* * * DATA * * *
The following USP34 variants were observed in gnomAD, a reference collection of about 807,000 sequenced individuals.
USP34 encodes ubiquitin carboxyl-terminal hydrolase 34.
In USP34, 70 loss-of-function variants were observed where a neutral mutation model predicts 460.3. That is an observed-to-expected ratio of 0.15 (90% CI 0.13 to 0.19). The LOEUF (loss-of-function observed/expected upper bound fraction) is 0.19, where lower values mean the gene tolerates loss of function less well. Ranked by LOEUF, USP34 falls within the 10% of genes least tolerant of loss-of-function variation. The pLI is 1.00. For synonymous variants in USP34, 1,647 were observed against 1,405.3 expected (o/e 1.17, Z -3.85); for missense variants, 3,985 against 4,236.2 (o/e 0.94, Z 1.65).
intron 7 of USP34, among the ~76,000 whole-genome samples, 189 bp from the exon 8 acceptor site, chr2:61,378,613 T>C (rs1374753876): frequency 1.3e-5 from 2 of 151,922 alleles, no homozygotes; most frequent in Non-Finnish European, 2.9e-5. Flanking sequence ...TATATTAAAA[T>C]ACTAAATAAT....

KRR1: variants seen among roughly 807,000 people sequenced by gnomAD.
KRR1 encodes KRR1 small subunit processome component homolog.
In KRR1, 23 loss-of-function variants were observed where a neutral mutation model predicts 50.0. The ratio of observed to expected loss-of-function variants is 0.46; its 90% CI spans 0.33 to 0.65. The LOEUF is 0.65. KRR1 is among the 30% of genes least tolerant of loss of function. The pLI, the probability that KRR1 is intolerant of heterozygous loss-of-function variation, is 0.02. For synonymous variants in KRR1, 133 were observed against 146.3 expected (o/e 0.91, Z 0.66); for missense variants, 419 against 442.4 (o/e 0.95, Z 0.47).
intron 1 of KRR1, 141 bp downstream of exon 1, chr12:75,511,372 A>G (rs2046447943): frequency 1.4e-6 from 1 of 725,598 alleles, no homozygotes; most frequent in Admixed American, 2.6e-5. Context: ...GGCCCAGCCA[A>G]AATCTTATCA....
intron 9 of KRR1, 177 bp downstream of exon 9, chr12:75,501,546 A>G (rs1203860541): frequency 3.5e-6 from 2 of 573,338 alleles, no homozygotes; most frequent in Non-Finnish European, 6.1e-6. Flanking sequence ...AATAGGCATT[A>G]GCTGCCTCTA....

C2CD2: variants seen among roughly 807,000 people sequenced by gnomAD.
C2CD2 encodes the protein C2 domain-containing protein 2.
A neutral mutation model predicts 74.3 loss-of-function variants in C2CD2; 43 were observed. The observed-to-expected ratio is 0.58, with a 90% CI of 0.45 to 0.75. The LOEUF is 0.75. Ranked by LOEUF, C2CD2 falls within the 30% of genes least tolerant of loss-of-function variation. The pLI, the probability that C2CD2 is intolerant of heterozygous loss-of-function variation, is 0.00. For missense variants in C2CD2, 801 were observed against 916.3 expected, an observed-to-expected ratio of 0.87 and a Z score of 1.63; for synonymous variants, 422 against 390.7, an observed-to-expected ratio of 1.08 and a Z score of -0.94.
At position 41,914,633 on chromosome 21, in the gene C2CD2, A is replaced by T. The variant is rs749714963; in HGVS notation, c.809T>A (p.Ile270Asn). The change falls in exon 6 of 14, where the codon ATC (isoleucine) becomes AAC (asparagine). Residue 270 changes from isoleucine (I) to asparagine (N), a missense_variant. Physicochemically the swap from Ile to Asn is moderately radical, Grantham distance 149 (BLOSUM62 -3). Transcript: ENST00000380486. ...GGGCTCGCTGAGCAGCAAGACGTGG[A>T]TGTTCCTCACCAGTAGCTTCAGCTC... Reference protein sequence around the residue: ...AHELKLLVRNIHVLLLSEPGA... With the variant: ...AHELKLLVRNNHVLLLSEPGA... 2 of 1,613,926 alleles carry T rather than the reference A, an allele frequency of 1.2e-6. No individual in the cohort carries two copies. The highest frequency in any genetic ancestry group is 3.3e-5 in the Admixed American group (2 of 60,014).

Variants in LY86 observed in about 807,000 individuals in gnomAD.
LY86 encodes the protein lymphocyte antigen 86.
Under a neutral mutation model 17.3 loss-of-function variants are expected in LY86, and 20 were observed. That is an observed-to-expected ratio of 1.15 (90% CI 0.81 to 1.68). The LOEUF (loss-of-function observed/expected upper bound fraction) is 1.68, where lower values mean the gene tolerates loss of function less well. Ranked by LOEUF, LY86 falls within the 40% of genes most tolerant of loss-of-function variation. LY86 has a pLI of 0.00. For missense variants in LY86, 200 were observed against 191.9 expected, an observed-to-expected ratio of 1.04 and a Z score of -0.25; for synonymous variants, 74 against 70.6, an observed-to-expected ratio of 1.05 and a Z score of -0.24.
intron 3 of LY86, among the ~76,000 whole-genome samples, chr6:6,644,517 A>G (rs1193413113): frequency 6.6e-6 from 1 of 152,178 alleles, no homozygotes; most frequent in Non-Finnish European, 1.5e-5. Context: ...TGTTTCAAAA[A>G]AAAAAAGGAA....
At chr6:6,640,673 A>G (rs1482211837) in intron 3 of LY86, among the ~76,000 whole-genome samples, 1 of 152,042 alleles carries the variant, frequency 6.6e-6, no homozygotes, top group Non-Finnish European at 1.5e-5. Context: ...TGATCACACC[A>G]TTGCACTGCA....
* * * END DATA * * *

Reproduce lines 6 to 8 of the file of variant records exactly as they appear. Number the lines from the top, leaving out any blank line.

KRR1 encodes KRR1 small subunit processome component homolog.
In KRR1, 23 loss-of-function variants were observed where a neutral mutation model predicts 50.0. The ratio of observed to expected loss-of-function variants is 0.46; its 90% CI spans 0.33 to 0.65. The LOEUF is 0.65. KRR1 is among the 30% of genes least tolerant of loss of function. The pLI, the probability that KRR1 is intolerant of heterozygous loss-of-function variation, is 0.02. For synonymous variants in KRR1, 133 were observed against 146.3 expected (o/e 0.91, Z 0.66); for missense variants, 419 against 442.4 (o/e 0.95, Z 0.47).
intron 1 of KRR1, 141 bp downstream of exon 1, chr12:75,511,372 A>G (rs2046447943): frequency 1.4e-6 from 1 of 725,598 alleles, no homozygotes; most frequent in Admixed American, 2.6e-5. Context: ...GGCCCAGCCA[A>G]AATCTTATCA....